Davies coloured Orlando’s descent into derangement in dark, menacing tones, with little in the way of scenery-chewing frenzy but instead the warped, icy calm of a stubborn, settled delusion. Superbly sustained legato lines alternated with faultless coloratura somersaults (as in his stupendous “Fammi combattere”), but the warrior’s crazed misery felt inward, cool, rather than histrionic and performative. Even his Act II journey into the spiritual abyss, “Ah Stigie Larve!”, smouldered more than blazed as Davies ran through the mind-blowing range of textures, rhythms and tempi with which Handel captures his hero’s fragmentation. 

Still, after Zoroastro belatedly contrives a recovery, Davies found a ravishing sweetness in “Già l’ebro mio ciglio”, accompanied by the lilting violas d’amore of Bojan Čičić and William Thorp. Throughout, Cummings and the AAM laid down a carpet of well-woven Baroque sound beneath the singers’ feet, punctuated with obbligato instrumental turns to relish, whether from Carter’s theorbo, the oboes of Leo Duarte and Robert de Bree, or the briefly-appearing first-act horns (Ursula Paludan Monberg, David Bentley).

Within this inner-directed, non-heroic framework, plucky, generous but ill-served Dorinda emerges as the genuine heroine of the piece. Rachel Redmond’s soprano had bloom as well as charm, not just the canny, pert plebeian lass of stereotype but a clear-sighted enabler of others’ happiness whose own needs pass unnoticed. Handel, though, knows her value, in the plangent siciliano of “Quando spieghi i tuoi tormenti” or the rueful grace of “Amor è qual vento”. Redmond’s limpid candour sometimes stole the scenes, but the heaven-favoured duo of requited lovers also enjoyed plenty of lustrous moments.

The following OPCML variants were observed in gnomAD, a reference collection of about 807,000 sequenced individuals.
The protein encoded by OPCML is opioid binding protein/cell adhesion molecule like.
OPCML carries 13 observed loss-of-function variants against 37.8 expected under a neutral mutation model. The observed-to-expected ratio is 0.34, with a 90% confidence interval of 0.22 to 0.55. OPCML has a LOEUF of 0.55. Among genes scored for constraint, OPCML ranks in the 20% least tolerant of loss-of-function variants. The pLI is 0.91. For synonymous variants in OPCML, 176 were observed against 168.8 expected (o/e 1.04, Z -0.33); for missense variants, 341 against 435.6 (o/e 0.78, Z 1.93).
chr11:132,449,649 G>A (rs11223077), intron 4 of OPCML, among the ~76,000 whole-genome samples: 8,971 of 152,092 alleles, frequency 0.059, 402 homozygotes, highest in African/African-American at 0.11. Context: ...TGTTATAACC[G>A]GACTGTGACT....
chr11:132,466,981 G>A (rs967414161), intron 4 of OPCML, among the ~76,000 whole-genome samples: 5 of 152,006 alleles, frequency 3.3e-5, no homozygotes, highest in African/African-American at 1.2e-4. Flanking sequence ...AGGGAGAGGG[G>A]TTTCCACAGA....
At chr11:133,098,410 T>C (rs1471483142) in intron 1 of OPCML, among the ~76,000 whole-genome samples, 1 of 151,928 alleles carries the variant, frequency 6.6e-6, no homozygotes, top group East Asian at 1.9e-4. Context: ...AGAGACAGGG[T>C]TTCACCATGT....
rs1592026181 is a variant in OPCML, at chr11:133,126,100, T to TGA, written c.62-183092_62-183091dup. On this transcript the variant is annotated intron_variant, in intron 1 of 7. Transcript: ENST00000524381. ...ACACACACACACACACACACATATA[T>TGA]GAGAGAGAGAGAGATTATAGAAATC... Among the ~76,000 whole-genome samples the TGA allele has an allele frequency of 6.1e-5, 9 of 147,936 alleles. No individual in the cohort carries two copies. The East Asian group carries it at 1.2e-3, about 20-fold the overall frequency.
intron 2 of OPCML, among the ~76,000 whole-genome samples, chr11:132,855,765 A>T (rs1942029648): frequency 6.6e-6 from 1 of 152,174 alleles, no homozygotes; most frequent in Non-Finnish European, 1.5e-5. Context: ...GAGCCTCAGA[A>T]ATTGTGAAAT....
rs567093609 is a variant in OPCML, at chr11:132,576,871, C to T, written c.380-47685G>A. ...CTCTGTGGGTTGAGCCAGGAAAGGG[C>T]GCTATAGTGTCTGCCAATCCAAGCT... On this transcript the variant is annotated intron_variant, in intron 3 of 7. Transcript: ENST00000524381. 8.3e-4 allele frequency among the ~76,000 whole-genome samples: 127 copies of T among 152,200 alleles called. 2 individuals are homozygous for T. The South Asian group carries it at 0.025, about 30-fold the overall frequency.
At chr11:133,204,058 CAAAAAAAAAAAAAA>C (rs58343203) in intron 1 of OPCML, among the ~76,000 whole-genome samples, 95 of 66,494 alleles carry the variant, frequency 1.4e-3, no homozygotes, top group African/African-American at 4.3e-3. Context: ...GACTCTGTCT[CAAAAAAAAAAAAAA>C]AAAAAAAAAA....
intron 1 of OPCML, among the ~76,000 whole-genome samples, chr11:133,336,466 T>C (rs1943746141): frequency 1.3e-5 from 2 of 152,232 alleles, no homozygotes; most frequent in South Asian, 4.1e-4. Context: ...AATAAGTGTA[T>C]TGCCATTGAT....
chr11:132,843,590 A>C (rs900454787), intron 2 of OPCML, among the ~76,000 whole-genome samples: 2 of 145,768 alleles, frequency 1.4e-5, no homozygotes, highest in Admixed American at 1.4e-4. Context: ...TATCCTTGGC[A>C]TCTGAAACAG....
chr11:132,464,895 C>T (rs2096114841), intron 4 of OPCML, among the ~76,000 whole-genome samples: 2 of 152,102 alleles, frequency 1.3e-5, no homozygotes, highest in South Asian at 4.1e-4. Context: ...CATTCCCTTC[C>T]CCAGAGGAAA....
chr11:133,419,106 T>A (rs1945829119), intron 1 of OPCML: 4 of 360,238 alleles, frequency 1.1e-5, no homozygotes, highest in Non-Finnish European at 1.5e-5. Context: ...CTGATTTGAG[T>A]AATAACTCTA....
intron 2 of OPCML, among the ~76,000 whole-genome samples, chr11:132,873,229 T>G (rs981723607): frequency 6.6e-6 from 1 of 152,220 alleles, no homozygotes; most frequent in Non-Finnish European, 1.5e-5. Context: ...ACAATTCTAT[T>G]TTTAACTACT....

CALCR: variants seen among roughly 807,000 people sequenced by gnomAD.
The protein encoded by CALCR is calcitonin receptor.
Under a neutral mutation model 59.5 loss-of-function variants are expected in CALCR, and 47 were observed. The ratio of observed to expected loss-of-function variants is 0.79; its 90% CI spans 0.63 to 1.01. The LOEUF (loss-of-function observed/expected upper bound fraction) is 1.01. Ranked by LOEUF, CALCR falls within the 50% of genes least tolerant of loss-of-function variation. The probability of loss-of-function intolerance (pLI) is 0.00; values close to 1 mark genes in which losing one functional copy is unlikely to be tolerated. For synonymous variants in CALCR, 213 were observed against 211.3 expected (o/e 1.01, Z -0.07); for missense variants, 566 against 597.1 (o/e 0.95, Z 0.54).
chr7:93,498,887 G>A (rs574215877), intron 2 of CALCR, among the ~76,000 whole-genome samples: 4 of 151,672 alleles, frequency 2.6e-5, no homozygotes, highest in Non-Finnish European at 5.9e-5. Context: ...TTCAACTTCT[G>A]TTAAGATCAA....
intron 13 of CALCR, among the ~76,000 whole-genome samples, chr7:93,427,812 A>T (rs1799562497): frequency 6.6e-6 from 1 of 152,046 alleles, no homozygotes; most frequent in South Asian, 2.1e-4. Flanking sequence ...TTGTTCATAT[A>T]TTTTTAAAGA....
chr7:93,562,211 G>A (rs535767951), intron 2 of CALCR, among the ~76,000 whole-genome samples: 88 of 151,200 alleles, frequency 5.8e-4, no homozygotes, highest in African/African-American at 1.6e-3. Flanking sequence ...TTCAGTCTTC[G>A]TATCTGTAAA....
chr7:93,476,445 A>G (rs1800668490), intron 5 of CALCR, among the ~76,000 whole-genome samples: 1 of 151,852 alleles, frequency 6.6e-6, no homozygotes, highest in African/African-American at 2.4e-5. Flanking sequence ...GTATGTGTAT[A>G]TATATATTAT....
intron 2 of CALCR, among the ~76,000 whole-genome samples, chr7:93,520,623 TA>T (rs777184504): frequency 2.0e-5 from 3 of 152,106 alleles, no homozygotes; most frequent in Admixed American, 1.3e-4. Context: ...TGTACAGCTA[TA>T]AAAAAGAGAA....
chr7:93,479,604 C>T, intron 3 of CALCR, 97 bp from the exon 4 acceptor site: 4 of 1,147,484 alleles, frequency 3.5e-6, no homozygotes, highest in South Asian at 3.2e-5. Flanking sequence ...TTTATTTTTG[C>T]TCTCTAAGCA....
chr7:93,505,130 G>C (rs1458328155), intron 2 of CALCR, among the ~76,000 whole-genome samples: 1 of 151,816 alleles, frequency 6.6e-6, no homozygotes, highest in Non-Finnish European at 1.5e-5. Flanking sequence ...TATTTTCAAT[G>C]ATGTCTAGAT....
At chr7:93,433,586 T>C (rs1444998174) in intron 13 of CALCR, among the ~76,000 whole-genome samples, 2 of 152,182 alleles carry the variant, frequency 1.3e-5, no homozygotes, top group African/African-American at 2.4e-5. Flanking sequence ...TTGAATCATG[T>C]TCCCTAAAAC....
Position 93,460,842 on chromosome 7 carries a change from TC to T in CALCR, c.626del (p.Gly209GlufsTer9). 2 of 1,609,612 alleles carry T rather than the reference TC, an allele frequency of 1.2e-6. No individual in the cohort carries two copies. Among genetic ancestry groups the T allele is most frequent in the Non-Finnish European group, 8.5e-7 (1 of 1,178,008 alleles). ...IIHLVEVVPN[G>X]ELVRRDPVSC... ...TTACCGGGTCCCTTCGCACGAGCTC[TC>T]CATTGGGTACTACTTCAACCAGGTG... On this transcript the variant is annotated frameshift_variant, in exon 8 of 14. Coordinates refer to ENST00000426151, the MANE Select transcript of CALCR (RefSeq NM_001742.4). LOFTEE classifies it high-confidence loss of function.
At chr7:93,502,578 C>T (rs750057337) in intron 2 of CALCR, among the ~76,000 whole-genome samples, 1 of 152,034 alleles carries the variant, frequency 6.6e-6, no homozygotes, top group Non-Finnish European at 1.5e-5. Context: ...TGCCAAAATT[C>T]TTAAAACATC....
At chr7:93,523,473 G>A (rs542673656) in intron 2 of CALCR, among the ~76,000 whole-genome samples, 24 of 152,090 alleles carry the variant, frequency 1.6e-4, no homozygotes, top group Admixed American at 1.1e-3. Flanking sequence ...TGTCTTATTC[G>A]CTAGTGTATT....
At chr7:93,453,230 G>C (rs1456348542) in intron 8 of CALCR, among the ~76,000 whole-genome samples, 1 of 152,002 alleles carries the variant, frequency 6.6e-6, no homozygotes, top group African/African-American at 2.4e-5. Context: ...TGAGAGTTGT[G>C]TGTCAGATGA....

In the breeches role of Medoro, the noble, polished mezzo of Sophie Rennert maybe lacked some contralto-shaded heft and sheen. But it sustained her set-piece arias – notably a gorgeous “Verdi allori” – with a fine, firm beauty of tone. Anna Dennis’s Angelica (pictured above) had the graceful confidence and unforced virtuosity –especially at the top of her range – of a practised, expert Handelian, suitably sparkling in her coloratura displays but emotionally rounded and credible as well. Arias such as “Verdi painte” and “Così giusto è questa speme” had sturdy roots as well as delicate decorative foliage. As for Matthew Brook’s hands-off magician, this Zoroastro began with a certain tendency towards tetchy growls rather than sonorous serenity, but in due time blossomed into the formidable bass acrobatics of pieces such as “Sorge infausta una procella”.

As with any work rarely heard in its entirety, one of the joys of this Orlando was the chance to experience stand-out showpieces in context – even if we lacked full-dress theatrics. However, ensemble Handel can thrill as much as solos and duets. Nothing in Orlando impressed more than the astoundingly lovely trio that closes the first act, “Consolati, o Bella”, as the smug lovey-dovey couple Medoro and Angelica commiserate with spurned, patronised Dorinda. You might call it “Mozartian”, save that Mozart himself would surely accept agreed that he could scarcely have done better. At moments like this, and with singers so strong, perhaps the music does tell a story truer, and richer, than any stagecraft could ever supply.